"Bipartisan Legislation Would Mandate Concussion Testing For College Athletes"
CREDIT: Beth Hall/Atlanta Journal Constitution
As a lawsuit challenging the NCAA’s practices on concussions continues to proceed through federal court, two members of Congress introduced legislation to plug gaps the NCAA has left unfilled on how players suspected of suffering head injuries are tested and evaluated. The legislation from Reps. Charlie Dent (R-PA) and Joyce Beatty (D-OH), introduced Thursday, would mandate that colleges perform baseline concussion testing on athletes who play contact sports, The Chronicle of Higher Education’s Brad Wolverton reported.
Baseline testing requires pre-season tests of each athlete, as well as tests immediately after a player suffers a potential head injury, so that the results can be compared to diagnose concussions. That allows doctors and trainers to have a better understanding of whether athletes are fit to return to play. 66 percent of schools currently require baseline testing, according to a 2010 NCAA survey.
While the NCAA makes recommendations on how concussions should be treated, it does not have standard concussion treatment rules. Instead, it requires schools to submit a concussion management plan that details their protocols for treating players who suffer or are suspected of suffering concussions. According to documents released as part of the lawsuit, though, the NCAA does not penalize schools for not submitting those plans and has no monitoring or enforcement mechanisms in place to ensure that the plans are followed.
The legislation also targets injuries by requiring top Division I schools to provide multi-year scholarships to athletes in an effort to protect injured players and their ability to report those injuries. The NCAA gives schools the option to offer multi-year scholarships, but when they don’t, injured players can lose financial aid and their spot on the team. That aspect of the legislation is similar to a law California enacted in 2012 that guarantees multi-year scholarships at the state’s largest schools, and Dent and Beatty argued Thursday that ensuring those agreements would make players more likely to admit injuries because they wouldn’t worry about losing scholarships.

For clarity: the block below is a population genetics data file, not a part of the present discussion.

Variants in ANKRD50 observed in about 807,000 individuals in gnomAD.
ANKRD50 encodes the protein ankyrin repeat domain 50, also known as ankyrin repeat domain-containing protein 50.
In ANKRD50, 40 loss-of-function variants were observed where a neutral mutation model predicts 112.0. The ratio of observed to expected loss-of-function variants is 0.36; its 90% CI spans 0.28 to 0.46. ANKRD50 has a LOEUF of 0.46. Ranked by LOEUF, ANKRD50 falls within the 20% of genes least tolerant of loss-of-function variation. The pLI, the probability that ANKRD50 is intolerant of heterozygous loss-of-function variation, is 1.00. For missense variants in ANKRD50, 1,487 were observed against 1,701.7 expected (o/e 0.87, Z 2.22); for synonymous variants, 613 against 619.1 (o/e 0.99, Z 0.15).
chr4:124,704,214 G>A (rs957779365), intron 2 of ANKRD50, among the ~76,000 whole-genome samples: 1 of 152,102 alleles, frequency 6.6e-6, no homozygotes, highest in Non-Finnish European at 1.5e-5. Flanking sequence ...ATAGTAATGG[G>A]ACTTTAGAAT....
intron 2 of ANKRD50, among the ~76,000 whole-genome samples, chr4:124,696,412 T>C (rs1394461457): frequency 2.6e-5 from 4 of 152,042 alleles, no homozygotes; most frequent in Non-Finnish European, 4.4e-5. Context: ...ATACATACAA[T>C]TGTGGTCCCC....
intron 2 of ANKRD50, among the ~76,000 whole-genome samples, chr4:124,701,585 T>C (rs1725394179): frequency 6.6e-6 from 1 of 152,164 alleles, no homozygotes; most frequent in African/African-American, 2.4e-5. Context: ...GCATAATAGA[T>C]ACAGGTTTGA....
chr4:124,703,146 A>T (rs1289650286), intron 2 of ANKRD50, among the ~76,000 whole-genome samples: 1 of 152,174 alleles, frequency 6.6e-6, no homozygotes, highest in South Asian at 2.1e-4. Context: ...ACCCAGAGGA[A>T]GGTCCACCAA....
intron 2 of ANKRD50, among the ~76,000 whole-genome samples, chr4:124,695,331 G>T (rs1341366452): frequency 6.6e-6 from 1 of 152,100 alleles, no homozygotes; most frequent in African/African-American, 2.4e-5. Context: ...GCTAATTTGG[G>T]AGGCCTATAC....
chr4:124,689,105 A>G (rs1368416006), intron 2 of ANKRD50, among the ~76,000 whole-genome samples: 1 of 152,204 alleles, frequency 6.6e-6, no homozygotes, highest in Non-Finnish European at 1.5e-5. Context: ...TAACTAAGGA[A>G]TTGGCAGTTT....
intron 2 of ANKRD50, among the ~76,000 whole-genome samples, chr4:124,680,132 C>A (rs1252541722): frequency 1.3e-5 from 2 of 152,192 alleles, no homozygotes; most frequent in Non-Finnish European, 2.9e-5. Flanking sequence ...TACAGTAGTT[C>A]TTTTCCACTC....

The legislation does not address one of the most glaring gaps in how the NCAA treats concussions: its lack of return-to-play standards for concussed players. The same 2010 survey found that less than 50 percent of NCAA members require a concussed player to see a physician before he or she returns to play, and 39 percent have no guidelines for how long athletes must sit out after suffering a concussion. Nearly half of the schools said they had allowed a concussed player to return to play the same day or game the injury occurs. Establishing standard concussion testing protocols is an important step, but stronger standards on return-to-play guidelines are important too.
That’s not to say this legislation, which has six co-sponsors in Congress, wouldn’t be a major step forward in how athletes are evaluated. It does, however, suggest how multi-faceted the concussion problem is, and how lax the NCAA has been in dealing with it. And while this legislation isn’t likely to wind its way through Congress any time soon, it is another reminder that the NCAA’s refusal to take its concussion rules seriously means it is failing to protect its athletes from the dangers of sports, the very mission it was founded to fulfill.